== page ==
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Original Issue



The winds of change continue to waft through the International Olympic Committee. At its just-concluded meeting in Baden-Baden, West Germany, the 82-member IOC elected its first women members, Pirjo Haggman of Finland and Flor Isava-Fonseca of Venezuela. The IOC also abandoned the notion that Olympic athletes are, like children, meant to be seen but not heard. Sebastian Coe, the Olympic gold medalist who holds world records in the mile, 1,000 and 800 meters, was one of several athletes given the unprecedented opportunity to address the IOC Congress at Baden-Baden, after which IOC President Juan Antonio Samaranch said he had accepted an invitation from Coe to get together in London sometime soon for lunch.

But Samaranch was just trying to be gracious in extravagantly praising as "decisive" a passage in Coe's "wonderful speech" urging the IOC to liberalize its Rule 26 governing Olympic eligibility. Although the IOC proceeded to amend the rule along the lines Coe suggested, the change merely formalized existing realities by officially leaving it to each of the 28 federations that oversee Olympic sports to set, subject to IOC approval, its own rules on amateurism. Such rules already range widely, from those in cycling and skiing, which are professional in all but name, to those in track and field, whose world federation, the IAAF, recently voted to ease restrictions on the payment of endorsement money to athletes but still makes a great pretense of keeping its payola-happy sport amateur.

Any hope for more meaningful reform of Olympic eligibility standards was dashed by officials from Eastern European countries, who resist tampering with a system under which their state-subsidized athletes have been able to flourish. Still, the IOC's willingness to amend Rule 26 was at least symbolically important, signaling that that organization no longer clings so tenaciously to the fiction maintained under Samaranch's predecessors, Avery Brundage and, to a considerably lesser extent, Lord Killanin, that athletes can subscribe to the archaic tenets of pure amateurism and still somehow train and perform at a world-class level. How to go about assuring those athletes the right to earn a living wage without having to demean themselves by resorting to accepting under-the-table payments is something Samaranch and Coe can talk about over lunch.


A more discordant note in Baden-Baden was the disfavor in which the U.S. found itself within the Olympic movement because of 1) the organizational snafus and continuing financial difficulties surrounding the 1980 Winter Games in Lake Placid, 2) the U.S.-led boycott of the '80 Summer Games in Moscow and 3) the threat to the 1984 Summer Games in Los Angeles posed by the recent admission to the U.S. of the South African rugby team, the Springboks. The U.S. Olympic Committee was miffed because its president, William Simon, was left off the speakers' list at the IOC Congress, and Lake Placid officials complained that while Sergei Pavlov, organizer of the 1980 Summer Games, was awarded an honorary Olympic silver medal, nobody from Placid was similarly honored.

Considering all the other medals that were handed out in Baden-Baden—officially, medals of The Olympic Order—that did seem like quite an oversight. Pope John Paul II, Norway's King Olav V, the Marquis of Exeter, Lord Killanin and Amadou Mahtar M'Bow, director-general of UNESCO, all received gold medals, while British, French, Italian and Belgian Olympic officials were given silver medals in recognition of their having resisted the Moscow boycott. The only American to receive a medal—bronze—was Anita DeFrantz, a member of the U.S. rowing team at the 1976 Olympics who led an unsuccessful court challenge of Jimmy Carter's decision to boycott the '80 Games and who, invoking the hours she spent on ice-choked rivers training in vain for Moscow, uttered these now historic words: "Carter said 'we' are going to boycott the Olympics. I don't understand the 'we.' Where was he when I was out there freezing my butt off?"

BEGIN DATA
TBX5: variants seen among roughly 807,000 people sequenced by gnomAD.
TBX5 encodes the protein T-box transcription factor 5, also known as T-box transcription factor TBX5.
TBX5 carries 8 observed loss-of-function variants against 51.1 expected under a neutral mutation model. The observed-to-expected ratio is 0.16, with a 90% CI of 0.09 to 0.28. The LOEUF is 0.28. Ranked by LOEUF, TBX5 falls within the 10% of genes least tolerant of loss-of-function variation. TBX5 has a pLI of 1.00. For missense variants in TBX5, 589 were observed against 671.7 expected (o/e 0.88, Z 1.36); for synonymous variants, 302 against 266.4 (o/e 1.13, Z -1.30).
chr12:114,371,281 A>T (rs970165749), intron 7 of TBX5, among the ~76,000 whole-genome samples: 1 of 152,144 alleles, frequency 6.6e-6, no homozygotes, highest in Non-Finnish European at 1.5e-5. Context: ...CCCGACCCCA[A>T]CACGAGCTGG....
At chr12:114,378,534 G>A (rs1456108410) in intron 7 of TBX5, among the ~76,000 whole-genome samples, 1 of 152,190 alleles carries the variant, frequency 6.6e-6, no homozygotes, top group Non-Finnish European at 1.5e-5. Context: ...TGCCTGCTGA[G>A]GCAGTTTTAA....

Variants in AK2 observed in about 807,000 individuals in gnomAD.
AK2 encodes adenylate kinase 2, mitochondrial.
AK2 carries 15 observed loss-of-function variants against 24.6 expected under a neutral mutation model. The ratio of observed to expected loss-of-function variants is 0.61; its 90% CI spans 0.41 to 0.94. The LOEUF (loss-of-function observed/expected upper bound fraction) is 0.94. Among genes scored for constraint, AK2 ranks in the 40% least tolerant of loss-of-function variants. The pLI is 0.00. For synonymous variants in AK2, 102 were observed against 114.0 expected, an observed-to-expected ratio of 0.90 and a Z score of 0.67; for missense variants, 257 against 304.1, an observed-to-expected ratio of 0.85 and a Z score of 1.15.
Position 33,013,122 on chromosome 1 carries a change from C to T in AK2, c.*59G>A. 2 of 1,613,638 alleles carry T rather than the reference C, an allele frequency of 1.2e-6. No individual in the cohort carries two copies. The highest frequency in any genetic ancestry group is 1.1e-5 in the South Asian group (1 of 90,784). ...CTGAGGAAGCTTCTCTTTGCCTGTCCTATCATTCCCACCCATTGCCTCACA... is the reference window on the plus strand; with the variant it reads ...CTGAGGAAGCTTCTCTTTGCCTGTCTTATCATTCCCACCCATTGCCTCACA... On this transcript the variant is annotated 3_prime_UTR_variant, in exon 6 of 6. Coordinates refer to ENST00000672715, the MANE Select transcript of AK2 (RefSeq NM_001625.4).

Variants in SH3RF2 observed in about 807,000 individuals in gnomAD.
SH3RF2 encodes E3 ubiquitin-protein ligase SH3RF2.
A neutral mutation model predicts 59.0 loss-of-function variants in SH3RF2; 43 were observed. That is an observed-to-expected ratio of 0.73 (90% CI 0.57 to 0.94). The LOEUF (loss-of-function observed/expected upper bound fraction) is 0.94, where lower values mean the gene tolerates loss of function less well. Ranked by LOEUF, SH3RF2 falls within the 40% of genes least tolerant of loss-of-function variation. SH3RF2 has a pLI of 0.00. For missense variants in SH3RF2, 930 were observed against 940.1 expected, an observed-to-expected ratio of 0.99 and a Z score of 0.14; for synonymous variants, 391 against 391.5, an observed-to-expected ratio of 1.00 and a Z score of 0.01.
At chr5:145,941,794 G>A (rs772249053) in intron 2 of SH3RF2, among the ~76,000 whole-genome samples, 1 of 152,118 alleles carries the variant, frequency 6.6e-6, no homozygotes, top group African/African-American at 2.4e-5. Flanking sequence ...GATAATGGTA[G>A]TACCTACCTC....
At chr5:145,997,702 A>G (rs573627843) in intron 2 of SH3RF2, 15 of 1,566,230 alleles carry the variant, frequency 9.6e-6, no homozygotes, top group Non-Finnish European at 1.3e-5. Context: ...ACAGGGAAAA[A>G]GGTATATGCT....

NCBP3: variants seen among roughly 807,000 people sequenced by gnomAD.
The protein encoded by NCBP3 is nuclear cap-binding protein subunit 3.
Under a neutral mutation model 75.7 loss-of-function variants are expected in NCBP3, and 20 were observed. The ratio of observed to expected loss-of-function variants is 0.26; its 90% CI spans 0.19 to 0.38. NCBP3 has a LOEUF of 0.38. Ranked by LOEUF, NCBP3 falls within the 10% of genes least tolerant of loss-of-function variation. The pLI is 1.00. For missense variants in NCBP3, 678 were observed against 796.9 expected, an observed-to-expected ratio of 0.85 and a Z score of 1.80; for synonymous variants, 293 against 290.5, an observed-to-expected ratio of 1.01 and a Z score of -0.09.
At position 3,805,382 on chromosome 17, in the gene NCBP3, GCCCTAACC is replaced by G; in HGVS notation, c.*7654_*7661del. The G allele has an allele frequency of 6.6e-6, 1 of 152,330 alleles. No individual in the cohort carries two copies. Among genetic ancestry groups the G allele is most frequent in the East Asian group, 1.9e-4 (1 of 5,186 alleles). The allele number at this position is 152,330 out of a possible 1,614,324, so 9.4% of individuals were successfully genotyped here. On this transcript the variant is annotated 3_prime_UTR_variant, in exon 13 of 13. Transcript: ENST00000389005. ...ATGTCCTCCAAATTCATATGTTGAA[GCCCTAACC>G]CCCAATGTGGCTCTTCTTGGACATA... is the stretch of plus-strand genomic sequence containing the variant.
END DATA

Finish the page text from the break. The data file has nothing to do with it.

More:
This week's Knute Rockne Award for inspirational locker-room oratory goes to Pete Potter, football coach at The McCallie School in Chattanooga, Tenn., in recognition of the heights to which he's evidently capable of lifting his team. After Potter finished giving his boys a pep talk before a recent game against Soddy-Daisy School, they charged out of the locker room, followed by an equally fired-up Assistant Coach Bill Cherry, who paused only long enough to lock the door. In their eagerness to get on with the game, neither the players, Cherry, the team managers nor anybody else realized that Potter was still in the locker room, having made a detour to the bathroom. When Potter found himself locked in, he banged on the door and hollered for help, but to no avail. Peering helplessly through a crack in the door, the frustrated Potter could see the Soddy-Daisy players running toward the field, too.

Out on the gridiron the starting lineups were introduced, the captains met at midfield and the national anthem was played. Only when the McCallie players came to the sideline for final instructions from Potter did anyone realize that the coach was missing. Eventually somebody figured out what had happened, and a team manager was dispatched to rescue Potter, who arrived on the field only after McCallie had received the kickoff and run two plays from scrimmage. Somewhat sheepishly, Potter said, "Now that's a first. I'll guarantee you that."

It was also a last. At halftime, Potter scrupulously refrained from delivering anything remotely resembling a locker-room pep talk, and his players made sure the coach was with them when they returned to the field to put the finishing touches on a 29-12 McCallie victory.

This seems to be the perfect time of year to tell you about Reggie Jackson's dog. She's a golden retriever. A friend gave the dog, then a pup, to the Yankee star last year as a Christmas present. Jackson proudly shows off snapshots of her to friends, and when he drives somewhere in his Rolls-Royce or pickup truck, the dog sits next to him in the front seat. Reggie affectionately calls her "Toby" for short. Her full name: Miss October.